To the mil, yeast, water mixture, add two eggs and beat well. Add 3 1/2 cups of the flour and beat thoroughly. Pour dough onto board and knead until smooth and elastic, using approximately one cup more of the flour. Place in greased bowl. Cover and let rise in warm place until doubled (about 1 1/2 to 2 hours) Knead down dough and roll out to about 1/2-inch thick. Cut with doughnut cutter. Let rise again for about 30 minutes. Then fry in deep hot Crisco until lightly brown. While warm, dip in thin mixture of confectioner’s sugar, milk and vanilla for the glaze. To make cinnamon rolls, roll dough thinner than for doughnuts. Spread with softened butter, cinnamon and sugar, Roll up jelly roll fashion, and slice into 1 inch rounds. Place in baking pan and let rise. Bake In 350- to 375-degree oven until golden brown. Glaze with powdered sugar, milk and vanilla glaze.

—Rena Jones

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ANGEL BISCUITS

1 package yeast

1/2 cup lukewarm water

3 tablespoons sugar

5 cups flour

1 teaspoon soda

3 teaspoons baking powder

1 teaspoon salt

3/4 cup Crisco

2 cups buttermilk

Dissolve yeast in lukewarm water with sugar. Mix together the dry ingredients and cut in shortening. Add dissolved yeast and buttermilk to dry ingredients. Mix well and store covered in greased bowl in refrigerator, pinch off amount needed and pat out on a flour- dusted board about 1/2-inch thick. Cut with biscuit cutter. Place on greased baking sheet and lightly oil or grease the tops. Bake 450° F about 10 to 12 minutes, or until brown. Makes approximately 4 or 5 dozen. Dough will keep in refrigerator at least a week.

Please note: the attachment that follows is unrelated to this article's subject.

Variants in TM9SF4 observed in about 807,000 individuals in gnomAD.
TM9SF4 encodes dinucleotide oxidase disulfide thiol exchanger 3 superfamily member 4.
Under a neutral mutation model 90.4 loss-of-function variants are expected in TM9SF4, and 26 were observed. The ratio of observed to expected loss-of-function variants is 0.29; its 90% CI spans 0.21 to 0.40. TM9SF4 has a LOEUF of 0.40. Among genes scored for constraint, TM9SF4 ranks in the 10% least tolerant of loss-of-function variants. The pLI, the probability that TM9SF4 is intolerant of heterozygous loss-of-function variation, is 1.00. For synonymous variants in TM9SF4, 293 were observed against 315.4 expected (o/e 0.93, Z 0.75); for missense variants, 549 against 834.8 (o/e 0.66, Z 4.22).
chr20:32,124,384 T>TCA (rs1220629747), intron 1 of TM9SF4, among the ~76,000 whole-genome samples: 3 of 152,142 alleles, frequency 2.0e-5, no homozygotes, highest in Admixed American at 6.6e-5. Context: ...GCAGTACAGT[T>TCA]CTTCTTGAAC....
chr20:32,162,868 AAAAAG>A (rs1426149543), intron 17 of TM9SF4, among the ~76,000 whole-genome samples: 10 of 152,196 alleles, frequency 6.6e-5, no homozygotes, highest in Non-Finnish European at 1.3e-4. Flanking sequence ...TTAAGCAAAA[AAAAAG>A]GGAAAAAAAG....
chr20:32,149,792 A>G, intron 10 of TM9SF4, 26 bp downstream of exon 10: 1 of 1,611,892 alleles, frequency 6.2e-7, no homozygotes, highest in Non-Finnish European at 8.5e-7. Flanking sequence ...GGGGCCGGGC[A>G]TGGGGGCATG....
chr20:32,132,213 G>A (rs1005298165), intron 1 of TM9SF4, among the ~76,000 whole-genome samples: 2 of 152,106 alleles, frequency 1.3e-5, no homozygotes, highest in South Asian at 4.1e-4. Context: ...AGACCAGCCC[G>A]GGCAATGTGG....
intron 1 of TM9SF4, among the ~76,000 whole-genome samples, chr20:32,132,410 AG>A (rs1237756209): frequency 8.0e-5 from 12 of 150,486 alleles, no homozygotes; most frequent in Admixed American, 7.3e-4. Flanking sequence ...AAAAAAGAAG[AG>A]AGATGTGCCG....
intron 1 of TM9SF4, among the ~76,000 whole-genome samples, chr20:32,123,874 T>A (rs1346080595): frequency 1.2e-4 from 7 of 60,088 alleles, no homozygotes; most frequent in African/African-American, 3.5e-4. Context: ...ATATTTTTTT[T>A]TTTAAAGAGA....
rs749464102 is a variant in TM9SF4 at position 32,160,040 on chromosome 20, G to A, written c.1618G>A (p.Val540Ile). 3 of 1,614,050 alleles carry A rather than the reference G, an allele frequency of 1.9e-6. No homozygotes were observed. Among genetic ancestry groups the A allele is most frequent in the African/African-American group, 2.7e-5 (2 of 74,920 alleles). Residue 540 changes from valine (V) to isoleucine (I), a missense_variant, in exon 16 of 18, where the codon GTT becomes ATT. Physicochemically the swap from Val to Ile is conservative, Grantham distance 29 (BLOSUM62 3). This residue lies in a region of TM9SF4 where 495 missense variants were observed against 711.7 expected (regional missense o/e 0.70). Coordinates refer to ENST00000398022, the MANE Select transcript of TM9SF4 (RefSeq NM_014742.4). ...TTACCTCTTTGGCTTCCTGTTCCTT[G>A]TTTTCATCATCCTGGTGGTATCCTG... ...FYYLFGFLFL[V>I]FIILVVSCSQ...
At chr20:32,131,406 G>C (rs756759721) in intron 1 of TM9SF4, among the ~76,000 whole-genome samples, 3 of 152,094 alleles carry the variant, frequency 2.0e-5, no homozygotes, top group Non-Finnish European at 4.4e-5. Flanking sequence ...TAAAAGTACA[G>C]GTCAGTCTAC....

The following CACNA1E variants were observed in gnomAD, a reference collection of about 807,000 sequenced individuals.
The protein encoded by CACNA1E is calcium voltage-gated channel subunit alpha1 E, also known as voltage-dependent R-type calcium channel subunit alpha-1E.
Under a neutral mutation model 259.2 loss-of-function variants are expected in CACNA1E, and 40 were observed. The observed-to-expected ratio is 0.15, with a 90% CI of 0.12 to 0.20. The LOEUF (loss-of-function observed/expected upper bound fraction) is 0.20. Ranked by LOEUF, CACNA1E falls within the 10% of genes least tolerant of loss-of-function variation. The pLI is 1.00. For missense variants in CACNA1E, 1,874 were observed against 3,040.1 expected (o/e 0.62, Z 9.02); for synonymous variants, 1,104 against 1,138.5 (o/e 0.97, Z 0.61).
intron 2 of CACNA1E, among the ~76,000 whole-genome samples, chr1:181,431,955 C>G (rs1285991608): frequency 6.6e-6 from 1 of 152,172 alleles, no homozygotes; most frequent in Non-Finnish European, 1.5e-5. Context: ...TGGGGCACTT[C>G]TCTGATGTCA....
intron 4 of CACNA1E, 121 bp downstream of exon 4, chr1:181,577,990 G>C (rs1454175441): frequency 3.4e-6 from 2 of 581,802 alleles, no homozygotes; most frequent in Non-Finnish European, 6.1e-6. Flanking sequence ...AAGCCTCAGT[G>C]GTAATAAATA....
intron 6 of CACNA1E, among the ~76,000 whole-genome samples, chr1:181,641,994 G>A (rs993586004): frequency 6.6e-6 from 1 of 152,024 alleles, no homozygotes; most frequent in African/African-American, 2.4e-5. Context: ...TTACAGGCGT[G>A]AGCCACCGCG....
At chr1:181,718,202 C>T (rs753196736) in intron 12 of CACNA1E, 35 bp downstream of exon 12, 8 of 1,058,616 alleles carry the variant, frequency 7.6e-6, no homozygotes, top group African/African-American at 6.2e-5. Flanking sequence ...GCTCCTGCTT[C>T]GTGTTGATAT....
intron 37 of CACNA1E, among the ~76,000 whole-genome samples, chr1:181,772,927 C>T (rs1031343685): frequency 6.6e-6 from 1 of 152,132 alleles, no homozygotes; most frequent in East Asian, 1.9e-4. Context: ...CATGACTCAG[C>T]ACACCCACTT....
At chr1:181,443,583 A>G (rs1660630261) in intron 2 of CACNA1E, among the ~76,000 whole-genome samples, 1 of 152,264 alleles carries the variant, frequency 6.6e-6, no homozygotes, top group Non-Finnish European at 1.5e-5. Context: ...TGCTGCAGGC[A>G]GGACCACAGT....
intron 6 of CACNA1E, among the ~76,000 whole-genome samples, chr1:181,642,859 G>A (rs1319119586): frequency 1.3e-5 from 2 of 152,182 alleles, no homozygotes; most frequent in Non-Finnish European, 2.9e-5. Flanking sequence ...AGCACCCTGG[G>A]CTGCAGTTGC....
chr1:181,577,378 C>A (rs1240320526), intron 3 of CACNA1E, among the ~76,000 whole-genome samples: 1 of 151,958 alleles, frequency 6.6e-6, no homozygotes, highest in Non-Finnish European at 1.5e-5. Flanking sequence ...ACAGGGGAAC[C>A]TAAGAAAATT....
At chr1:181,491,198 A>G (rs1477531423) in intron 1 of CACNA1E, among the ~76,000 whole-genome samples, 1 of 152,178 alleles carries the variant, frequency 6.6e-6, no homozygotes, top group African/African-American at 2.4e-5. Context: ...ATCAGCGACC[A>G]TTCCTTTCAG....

— Rena Jones

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From the Carlisle Independent, April 9, 1942

Banana Chocolate Pudding

1 1/2 sqs. unsweetened chocolate

2 cups milk

3/4 cups sugar

5 tbsp. flour

1/2 teasp. Salt

2 egg yolks slightly beaten

1 tbsp. butter

1/2 teasp. Vanilla

3 ripe bananas

Use fully ripe bananas (yellow peel flecked with brown).

Add chocolate to milk in top of double boiler. Heat over rapidly boiling waiter until chocolate is melted. Beat with rotary eggbeater until blended.

Combine sugar, flour and salt, stir slowly into chocolate mixture.

Cook until well thickened stirring constantly. Cook ten minutes longer, stirring occasionally.

Stir small amount of hot mixture into egg yolks; then pour back into remaining hot mixture while beating vigorously. Cook one minute longer.

Remove from heat and add butter and vanilla. Chill thoroughly.

Place alternate layers of chocolate filling and ripe banana slices into serving- dishes, allowing 1-3 to 1-2 cup of filling and 1-2 banana for each portion, Serve garnished with whipped cream and additional ripe banana slices. Chop ped nut meats may be folded into chocolate mixture. 4 to 6 servings.

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The Poor Shrimp Turns Out To Be Very Rich Indeed

“Who’da thought it-that the little shrimp right out of it’s can could yield so much nutritious, right eating? … You who thought the shrimp was a charming social butterfly, better realize it’s an honest low-cost food when it’s in an economy dish like this:

Royal Shrimp

3 tbsps. butter.

4 tbsps. chopped green pepper.

3 tbsps. minced green onion.

4 tbsps. flour.

2 cups milk.

1 tbsp. lemon juice.

1 teasp. salt.

2 No.1 cans drained shrimp.

2 tbsps. chopped pimento.

Toast points.

Melt butter in sauce pan; add green pepper, and onion and cook until tender. Add flour, stir until well blended, and add milk. Cook, stirring constantly, until thickened. Remove from heat, add lemon juice, salt, shrimp and chopped pimento. Heat thoroughly and serve on toast points. Serves 6.